“Make a commitment. Make it public. Make it happen.”
Frank’s nine-word strategy packs a powerful punch. He’s a highly successful motivational speaker (http://www.franksomma.com/) who often works with people in sales, one of those jobs that totally depends on whether or not you can prime yourself to handle lots of “no’s” on the way to “yes.” His no-nonsense approach can be a winning game plan for the writing life if we really put it into action. Let’s take a look at how to make it work for us:
Make a commitment: More than an intention, bigger than a promise, a commitment has a binding feeling about it. Friendship is a commitment, so is parenthood. When we say “yes” to these, most of us see it as serious business. And when we make a commitment to ourselves about sticking to a writing plan or coming up with a regular submission strategy for our short stories, to my mind we’re saying that we will stick with something through thick and thin. We make break a promise or fail to follow through on an intention, but a commitment is rock solid. So we shouldn’t go there unless we really mean business. Sure, we may have a slip up once in a while — we’re only human — but if we’re committed, we get right back on our horse and keep riding. We may mess up, but we don’t give up.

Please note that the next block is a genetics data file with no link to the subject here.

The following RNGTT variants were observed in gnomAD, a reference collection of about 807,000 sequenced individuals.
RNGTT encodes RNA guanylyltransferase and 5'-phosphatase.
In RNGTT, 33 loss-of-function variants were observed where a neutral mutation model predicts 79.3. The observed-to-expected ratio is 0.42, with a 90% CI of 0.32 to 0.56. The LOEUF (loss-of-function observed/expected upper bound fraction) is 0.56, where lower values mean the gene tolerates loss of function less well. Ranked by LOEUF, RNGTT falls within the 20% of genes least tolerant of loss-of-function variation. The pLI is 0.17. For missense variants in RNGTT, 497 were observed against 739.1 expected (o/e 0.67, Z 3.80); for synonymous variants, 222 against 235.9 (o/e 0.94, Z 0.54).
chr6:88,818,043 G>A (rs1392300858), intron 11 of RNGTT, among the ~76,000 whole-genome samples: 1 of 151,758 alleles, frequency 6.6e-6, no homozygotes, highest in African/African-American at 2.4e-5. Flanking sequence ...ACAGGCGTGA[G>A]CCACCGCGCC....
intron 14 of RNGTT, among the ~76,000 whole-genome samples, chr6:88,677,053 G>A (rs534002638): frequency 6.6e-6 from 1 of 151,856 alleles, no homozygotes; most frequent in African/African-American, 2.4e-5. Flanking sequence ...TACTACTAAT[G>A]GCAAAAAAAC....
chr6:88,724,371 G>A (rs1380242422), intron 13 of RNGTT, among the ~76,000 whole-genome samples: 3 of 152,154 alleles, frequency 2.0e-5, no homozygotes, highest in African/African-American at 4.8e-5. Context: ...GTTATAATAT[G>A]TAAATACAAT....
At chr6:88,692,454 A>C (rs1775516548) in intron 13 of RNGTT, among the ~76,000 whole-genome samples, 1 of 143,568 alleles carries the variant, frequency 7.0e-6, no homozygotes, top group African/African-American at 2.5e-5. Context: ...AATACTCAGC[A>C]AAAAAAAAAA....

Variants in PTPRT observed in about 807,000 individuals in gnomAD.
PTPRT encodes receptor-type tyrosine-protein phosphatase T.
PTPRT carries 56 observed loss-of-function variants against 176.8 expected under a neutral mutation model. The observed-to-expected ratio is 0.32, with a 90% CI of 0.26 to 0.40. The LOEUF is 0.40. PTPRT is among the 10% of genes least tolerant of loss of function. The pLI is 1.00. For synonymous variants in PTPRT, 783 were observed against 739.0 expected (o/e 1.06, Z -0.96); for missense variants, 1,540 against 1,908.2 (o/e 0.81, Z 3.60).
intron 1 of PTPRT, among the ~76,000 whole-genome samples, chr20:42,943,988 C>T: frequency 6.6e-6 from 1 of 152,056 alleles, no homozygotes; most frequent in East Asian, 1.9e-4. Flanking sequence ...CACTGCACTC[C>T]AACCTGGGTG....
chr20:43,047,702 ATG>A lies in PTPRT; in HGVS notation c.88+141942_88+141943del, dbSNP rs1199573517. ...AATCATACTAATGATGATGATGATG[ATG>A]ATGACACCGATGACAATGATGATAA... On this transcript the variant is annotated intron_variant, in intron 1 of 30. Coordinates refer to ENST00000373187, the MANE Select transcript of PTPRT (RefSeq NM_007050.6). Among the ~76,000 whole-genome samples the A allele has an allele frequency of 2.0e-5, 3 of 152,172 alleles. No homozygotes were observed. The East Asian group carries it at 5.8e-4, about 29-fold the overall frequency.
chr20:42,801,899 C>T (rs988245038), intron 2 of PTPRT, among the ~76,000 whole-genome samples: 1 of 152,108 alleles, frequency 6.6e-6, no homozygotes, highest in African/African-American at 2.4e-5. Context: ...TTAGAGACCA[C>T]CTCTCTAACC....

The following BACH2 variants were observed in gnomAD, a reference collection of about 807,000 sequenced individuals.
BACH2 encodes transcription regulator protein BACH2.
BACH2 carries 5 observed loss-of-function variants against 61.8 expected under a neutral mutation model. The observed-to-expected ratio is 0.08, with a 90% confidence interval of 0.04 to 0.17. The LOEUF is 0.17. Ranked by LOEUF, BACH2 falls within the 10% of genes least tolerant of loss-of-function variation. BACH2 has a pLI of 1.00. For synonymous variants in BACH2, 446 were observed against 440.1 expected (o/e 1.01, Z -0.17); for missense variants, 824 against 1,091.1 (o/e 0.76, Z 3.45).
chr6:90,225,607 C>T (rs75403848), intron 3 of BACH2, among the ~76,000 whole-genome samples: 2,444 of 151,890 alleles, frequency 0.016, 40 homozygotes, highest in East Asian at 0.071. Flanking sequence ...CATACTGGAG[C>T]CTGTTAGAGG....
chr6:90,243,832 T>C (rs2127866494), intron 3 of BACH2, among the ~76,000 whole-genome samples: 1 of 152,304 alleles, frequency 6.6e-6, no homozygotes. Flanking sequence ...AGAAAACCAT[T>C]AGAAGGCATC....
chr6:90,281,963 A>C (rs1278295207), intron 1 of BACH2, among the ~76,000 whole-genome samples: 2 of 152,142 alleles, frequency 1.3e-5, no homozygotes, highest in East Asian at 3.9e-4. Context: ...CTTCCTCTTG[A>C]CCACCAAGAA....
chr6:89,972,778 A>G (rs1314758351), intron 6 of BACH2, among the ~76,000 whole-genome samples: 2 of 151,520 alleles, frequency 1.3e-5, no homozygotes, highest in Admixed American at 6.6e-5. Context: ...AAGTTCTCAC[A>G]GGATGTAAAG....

Make it public: Making a commitment to yourself is one thing, but announcing it can really ratchet up your motivation by putting you in the Land of Accountability. Suddenly, it’s not just about a secret longing or “should” that you keep close to your vest. It’s about saying to someone else, “I’m letting you know about this because I need your help in staying on track and keeping my ‘feet to the fire’ here. This isn’t a pipe dream, it’s something I’m determined to follow through on.” Whether you turn to your writing group or a writing partner or a family member, going public with your intention is a powerful motivating tool: you’re calling in the troops and enlisting support.
Make it happen: Here, the rubber meets the road: Commitment and accountability unleash two powerful motivators. Choosing a target, a deadline — something specific to aim for — is the third energy booster in a get-it-done arsenal. As a freelancer for many years, I came to really appreciate the power of a deadline in sprinting across the finish line of a project. At this stage of my writing life, I’ve relied on this tool time and again. I’ve learned to set “stretch” targets for myself — deadlines that aren’t impossible, but require an extra hit of gas to achieve. This challenges me and gets my motor going — it keeps me from getting too comfortable or complacent.
Writing my KWD blog is a commitment I’ve made to myself and to you. Through lots of ups and downs, I’ve kept it going. It’s taken persistence and ingenuity and it’s helped to strengthen my “commitment muscle” and that’s helped my other projects.
“Make a commitment. Make it public. Make it happen.” Ready, set, write on!